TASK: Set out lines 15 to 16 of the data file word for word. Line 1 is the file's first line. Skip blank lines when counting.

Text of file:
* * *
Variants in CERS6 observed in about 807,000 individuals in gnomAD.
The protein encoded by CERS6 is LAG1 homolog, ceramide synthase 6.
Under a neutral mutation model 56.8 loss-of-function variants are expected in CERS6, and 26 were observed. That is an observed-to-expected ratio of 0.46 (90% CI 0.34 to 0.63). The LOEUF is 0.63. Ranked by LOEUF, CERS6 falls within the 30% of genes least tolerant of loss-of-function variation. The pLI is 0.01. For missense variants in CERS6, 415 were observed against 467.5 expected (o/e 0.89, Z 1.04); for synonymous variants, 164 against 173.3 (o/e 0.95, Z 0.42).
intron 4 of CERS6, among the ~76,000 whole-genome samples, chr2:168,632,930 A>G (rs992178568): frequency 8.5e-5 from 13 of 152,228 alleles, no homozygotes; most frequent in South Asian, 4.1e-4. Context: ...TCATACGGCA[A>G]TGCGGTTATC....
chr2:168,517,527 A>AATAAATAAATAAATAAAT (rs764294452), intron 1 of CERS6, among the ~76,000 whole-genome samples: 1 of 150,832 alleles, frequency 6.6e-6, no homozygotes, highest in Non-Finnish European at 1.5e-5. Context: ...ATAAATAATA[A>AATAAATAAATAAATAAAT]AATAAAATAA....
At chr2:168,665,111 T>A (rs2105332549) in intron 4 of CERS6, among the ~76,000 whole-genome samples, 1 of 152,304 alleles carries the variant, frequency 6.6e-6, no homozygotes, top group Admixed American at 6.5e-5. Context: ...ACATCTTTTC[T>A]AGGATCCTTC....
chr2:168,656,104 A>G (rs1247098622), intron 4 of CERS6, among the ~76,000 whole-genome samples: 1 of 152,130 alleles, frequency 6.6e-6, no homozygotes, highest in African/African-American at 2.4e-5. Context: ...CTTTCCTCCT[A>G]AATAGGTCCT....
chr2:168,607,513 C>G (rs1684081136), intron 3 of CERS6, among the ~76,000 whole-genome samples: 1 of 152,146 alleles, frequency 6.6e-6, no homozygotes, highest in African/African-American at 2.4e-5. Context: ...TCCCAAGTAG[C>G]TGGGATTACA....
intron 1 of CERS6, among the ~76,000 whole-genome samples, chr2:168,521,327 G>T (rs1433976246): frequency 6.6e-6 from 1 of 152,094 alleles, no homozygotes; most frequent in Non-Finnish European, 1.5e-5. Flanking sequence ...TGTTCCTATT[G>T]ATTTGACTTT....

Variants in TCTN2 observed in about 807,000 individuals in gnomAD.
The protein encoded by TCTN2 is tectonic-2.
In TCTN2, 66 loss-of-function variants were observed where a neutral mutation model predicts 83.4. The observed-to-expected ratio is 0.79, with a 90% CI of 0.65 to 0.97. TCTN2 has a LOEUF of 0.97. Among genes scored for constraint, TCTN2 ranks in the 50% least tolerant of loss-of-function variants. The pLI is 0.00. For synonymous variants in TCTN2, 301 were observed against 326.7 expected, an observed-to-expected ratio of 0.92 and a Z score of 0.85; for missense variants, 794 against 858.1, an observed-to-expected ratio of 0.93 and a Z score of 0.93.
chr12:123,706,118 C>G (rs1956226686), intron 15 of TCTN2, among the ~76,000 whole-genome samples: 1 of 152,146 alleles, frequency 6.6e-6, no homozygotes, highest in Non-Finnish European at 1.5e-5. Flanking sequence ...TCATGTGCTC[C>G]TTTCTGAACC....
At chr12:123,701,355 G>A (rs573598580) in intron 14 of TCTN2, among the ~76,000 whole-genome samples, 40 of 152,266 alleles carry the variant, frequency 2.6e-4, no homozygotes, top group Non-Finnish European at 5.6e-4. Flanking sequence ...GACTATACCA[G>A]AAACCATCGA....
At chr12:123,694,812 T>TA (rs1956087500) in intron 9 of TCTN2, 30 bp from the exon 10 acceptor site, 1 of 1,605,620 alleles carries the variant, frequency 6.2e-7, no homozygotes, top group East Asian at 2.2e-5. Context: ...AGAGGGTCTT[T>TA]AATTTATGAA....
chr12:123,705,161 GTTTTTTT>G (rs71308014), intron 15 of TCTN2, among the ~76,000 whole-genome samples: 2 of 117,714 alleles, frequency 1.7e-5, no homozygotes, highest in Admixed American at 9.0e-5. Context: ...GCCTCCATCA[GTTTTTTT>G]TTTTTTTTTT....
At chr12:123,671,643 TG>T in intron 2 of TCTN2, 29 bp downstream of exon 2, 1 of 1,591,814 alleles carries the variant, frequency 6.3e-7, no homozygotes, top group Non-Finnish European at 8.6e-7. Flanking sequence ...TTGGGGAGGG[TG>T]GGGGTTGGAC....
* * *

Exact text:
At chr12:123,694,812 T>TA (rs1956087500) in intron 9 of TCTN2, 30 bp from the exon 10 acceptor site, 1 of 1,605,620 alleles carries the variant, frequency 6.2e-7, no homozygotes, top group East Asian at 2.2e-5. Context: ...AGAGGGTCTT[T>TA]AATTTATGAA....
chr12:123,705,161 GTTTTTTT>G (rs71308014), intron 15 of TCTN2, among the ~76,000 whole-genome samples: 2 of 117,714 alleles, frequency 1.7e-5, no homozygotes, highest in Admixed American at 9.0e-5. Context: ...GCCTCCATCA[GTTTTTTT>G]TTTTTTTTTT....